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The Middle East Center at Penn sponsors and supports programs and initiatives across the disciplines and professional schools, and runs a dynamic outreach program in the Delaware Valley. Faculty and students at Penn are also active and prominent in the field of Middle East studies, making significant and highly regarded contributions to scholarly output in their areas of interest. We will continue to update news of the Center's activities and highlight the achievements of our faculty and students here.

Aug
20
Julie Lenard and Labaron Palmer K-12 Teachers Join the Middle East Center for a half-day K-12 teacher training on Turkey presented by Julie Lenard and Labaron Palmer. Part One: Contextualizing Modern Day Turkey Over recent years,Turkey has been at the epicenter of many processes as its neighborhoods splinter, conflicts evolve, populations shift and rivals attempt to secure influence. While reluctant to engage in regional conflicts, its internal matters only add to the complexities of where the Turkish nation finds itself in 2015. For this portion of “Turkey: Then and Now”, Labaron Palmer will add spatial contextualization to conceptions of borders, migration and politics in Turkey, based on his experiences as a participant in the Middle East Center Fulbright-Hays Group Project Abroad. He will also offer ways to incorporate geography into your curriculum. Part Two: Understanding Turkey through Storyology What is the Turkish identity? Much like American identity, there are countless answers. One way to examine identity is through stories. As part of “Turkey: Then and Now”, in her workshop, Julie Lenard of The Storyologist examines different Turkish stories/perspectives from the summer of 2011, based on experiences as a participant in the Middle East Center Fulbright-Hays Group Project Abroad, to the present, and shares strategies for using stories in the classroom to teach and learn about cultural identity. About The Speakers: After over ten years in education, primarily as an English teacher in Philadelphia, Julie Lenard has founded The Storyologist, LLC, to specialize in stories, her favorite part of teaching. The mission of The Storyologist is to help people tell their stories authentically and professionally, with confident clarity. She believes stories are the foundation of human connection and how we learn, and providing support, opportunities and platforms for everyone to share their stories is vital. The Storyologist provides writing consulting, writing coaching and workshops. Labaron Palmer is a doctoral student in the department of Geography and Urban Studies at Temple University. He received his B.A. in Geography and Urban Studies at Temple University and his M.A. in Geography at West Chester University of Pennsylvania. His broader academic interests are an interdisciplinary focus of sustainability and urbanity within human geography and its influence on urban development and planning initiatives. His most recent interests have been focused on the confluence of theory and practice as it relates to the distinctive issues that are impacting major cities in the U.S., Middle East and Africa including the intersections of social equity, economic development and environmental awareness. He previously held positions with the University of Pennsylvania’s Middle East Center and the Commerce Department of Philadelphia. This is a free teacher training with limited capacity. RSVP today by emailing mec-info@sas.upenn.edu. A Turkish lunch will be served.  Teachers who attend are eligible for 3 hours of  Act 48 credit and NJ Professional Development credits.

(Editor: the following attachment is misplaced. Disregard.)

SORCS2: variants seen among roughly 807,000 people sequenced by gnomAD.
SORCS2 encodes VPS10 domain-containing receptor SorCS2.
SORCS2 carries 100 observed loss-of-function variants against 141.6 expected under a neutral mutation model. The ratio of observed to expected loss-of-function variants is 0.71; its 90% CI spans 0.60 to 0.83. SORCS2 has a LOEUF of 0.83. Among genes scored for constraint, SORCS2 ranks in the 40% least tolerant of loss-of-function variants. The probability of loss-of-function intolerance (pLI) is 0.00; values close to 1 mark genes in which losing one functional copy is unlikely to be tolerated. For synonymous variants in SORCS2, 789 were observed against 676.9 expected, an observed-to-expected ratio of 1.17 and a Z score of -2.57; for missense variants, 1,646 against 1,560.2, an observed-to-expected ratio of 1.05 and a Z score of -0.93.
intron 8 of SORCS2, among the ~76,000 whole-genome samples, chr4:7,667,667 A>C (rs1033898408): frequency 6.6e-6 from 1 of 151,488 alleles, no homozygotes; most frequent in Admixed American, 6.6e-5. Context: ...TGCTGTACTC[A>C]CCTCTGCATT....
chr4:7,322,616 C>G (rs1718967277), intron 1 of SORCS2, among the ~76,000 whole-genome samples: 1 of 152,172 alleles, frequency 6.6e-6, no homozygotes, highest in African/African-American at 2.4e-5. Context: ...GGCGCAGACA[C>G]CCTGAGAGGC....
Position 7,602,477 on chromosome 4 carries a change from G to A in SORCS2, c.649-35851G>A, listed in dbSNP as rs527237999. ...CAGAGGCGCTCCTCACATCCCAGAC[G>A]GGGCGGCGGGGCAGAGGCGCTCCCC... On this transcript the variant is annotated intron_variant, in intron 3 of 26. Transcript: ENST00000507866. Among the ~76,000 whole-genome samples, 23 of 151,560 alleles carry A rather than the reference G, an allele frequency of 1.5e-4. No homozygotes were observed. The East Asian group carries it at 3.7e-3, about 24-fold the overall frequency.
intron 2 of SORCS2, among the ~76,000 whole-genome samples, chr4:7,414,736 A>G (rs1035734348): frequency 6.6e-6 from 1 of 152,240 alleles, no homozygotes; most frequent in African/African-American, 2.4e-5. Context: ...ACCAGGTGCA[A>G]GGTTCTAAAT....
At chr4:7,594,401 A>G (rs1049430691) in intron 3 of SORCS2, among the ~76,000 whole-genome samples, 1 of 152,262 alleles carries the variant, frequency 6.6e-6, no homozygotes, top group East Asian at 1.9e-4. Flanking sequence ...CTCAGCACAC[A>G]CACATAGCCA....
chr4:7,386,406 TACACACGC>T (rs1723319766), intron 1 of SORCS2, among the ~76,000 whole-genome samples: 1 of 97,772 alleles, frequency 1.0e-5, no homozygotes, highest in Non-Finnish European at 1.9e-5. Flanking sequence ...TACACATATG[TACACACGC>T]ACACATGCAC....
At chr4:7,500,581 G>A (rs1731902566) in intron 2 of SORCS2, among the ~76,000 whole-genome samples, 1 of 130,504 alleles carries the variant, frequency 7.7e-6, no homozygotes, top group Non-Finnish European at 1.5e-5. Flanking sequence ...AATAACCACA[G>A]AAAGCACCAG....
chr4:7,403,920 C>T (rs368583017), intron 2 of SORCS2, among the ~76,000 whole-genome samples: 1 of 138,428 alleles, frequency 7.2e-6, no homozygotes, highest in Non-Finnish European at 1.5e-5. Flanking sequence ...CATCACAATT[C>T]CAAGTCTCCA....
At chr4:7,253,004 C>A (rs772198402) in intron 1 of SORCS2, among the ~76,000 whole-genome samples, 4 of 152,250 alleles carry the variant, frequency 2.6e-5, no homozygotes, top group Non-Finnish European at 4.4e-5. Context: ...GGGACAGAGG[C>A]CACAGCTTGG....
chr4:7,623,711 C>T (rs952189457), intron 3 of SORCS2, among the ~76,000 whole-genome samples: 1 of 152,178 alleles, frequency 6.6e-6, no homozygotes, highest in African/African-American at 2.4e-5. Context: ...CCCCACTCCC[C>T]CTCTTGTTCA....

12:00pm
LGBT Center, 3907 Spruce St, Philadelphia, PA
Jan
25